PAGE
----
From Silos to Services: Cloud Computing for the Enterprise

Feb 20 2016   10:10PM GMT

Why AWS Makes the New Rules in IT

Brian Gracely Brian Gracely Profile: Brian Gracely

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AWS
Azure
EMC
HP
Microsoft
Oracle
Rackspace
Verizon
VMware

shutterstock_179146070Nothing gets the IT industry more riled up than a perspective that puts Amazon AWS at the forefront of anything. Even though most people will admit that Cloud Computing is a legitimate trend in our industry, there is a strange binary reaction to any implications of changes in the status quo. What do I mean by “binary reactions”? Even though there are typically dozens of companies (or open-source projects) that compete in any given segment of the IT market, people tend to think that everything is a binary, zero-sum game. Must be an engineering 1s and 0s thing. Meaning that the new kills the old, and that EVERYTHING will move to the new immediately.

While nobody is actually implying that AWS will be the only major player going forward, there are some interesting trends that seem to imply that the balance of power is beginning to shift more in AWS’ direction. Does this mean they will be the big winner? Who knows. But it’s (IMHO) beginning to feel more and more like the IT game is now being played by AWS’ rules instead of the incumbents.

  • For many years now, Venture Capitalists (VCs) no longer provide funding to startups if it’s going to be used for CAPEX spending on IT resources, rather they expect them to use public cloud resources to get started. The game has changed from giving them $50M in funding, of which the first $5M went to Intel, EMC, Cisco and Sun, to giving them $5M and expecting them to focus on hiring and AWS resources. That’s a 10x change in how funding gets allocated.
  • During their Q4’15 earnings call, EMC CEO David Goulden said, “As we look at the external environment, customers continue to be in either transactional or transformational spending mode and in some cases both at the same time. Customers in a transactional spending mode are buying just enough and just-in-time for their traditional environments and we saw this in our stronger maintenance renewal bookings throughout last year. Customers in transformational mode are either transforming their existing IT systems towards a hybrid cloud or building and deploying new digital applications to transform their business.”
  • Cloud Providers of all sizes, Rackspace / HP / Verizon, are exiting the market and choosing to no longer compete with AWS. Great customer support, world-class branding and massive network pipes were just not enough to overcome AWS’s years of web-scale cloud engineering. It’s not hard to predict who will be added to this list in 2016-2017.
  • The Wall Street Journal is questioning if AWS is having an impact on the global economy, as IT spending slows for hardware/infrastructure.
  • Engineers from top IT vendors are wondering how AWS is able to keep making money by offering a portfolio that seems to not make money for existing vendors.
  • AWS Certified Solutions Architect is now the #1 Top-Paying certification in the industry. Engineers and customers are voting with their career paths and wallets.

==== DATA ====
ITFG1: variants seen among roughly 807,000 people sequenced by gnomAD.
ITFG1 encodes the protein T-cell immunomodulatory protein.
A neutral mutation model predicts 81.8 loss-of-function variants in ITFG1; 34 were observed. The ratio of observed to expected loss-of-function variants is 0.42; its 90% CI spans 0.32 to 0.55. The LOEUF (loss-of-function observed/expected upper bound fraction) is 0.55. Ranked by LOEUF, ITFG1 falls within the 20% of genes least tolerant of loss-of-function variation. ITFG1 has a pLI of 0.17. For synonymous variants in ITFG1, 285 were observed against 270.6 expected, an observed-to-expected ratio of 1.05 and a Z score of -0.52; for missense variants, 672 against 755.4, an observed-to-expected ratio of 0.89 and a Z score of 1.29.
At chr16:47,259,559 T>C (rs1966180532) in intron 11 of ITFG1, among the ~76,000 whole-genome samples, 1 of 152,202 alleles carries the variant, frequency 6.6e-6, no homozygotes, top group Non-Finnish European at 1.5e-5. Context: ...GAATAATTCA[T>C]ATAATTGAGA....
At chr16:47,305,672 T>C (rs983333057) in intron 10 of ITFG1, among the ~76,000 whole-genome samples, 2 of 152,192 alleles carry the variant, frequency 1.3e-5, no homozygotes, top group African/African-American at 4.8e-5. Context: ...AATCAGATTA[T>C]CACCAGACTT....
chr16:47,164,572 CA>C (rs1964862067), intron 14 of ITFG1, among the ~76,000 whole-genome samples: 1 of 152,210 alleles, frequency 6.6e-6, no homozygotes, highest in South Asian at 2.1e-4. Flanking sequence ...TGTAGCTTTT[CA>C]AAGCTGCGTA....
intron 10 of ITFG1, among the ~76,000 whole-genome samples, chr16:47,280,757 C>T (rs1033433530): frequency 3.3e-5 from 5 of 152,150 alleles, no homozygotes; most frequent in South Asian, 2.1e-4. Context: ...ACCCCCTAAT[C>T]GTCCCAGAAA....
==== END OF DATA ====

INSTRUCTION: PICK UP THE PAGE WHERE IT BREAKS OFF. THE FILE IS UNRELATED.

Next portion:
So let’s see:

  1. The source of startup funding is different and leaning towards AWS. Check.
  2. The traditional vendors are not only consolidating because profit margins are falling and it’s difficult to transition an existing business model, but their customers are starting to buy traditional equipment in ways that more closely align to AWS buying patterns. Check.
  3. Major Cloud Provider competition is leaving the market because they wouldn’t keep up with the pace of growth and capital funding needed to compete. Check.
  4. The global press is now starting to understand the broader impact that AWS will have on the IT industry, which is a major indicator of economic trajectory. Check.
  5. IT vendors can’t figure out how their competition is making money in areas and ways that they can’t. Check
  6. IT engineers and customers are betting their careers and business projects on AWS. Check.

My colleague, Dave Vellante, was talking about this a couple years ago. The marginal economics of web-scale computing, at least in AWS’ case, is nearing the economics of software in the 1990s-2000s. We saw what this did to shape the client-server world for companies like Microsoft and Oracle. And maybe those same economics will apply to AWS longer-term as well.

Or maybe they won’t.

Maybe someone else will figure out how to better compete with AWS. But I’m guessing that they will be playing a game that tends to aligns to the new rules that AWS is re-writing for the IT industry.

2  Comments on this Post

 
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  • Chittu
    nice writeup..
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  • RasheedW
    This is one of the most apt narration of the current scenario in the IT landscape, both from the Users and Providers perspective. While we need to admit, however much we might dislike, that AWS has definitely been a trend setter and as of now,  and unchallenged leader as well. But wait ,  IT is not only about ease of scaling, ease of Provisioning and going easy on the budget, eventually it is the width and depth of technology offerings and the providers expertise in those areas that make the difference. The way I see it is that, AWS may in the years to come, earn the tag of being the best place for engaging basic infrastructure to run your Datacentre, but what runs on the infrastructure,  will only have to come from the Technology companies. 
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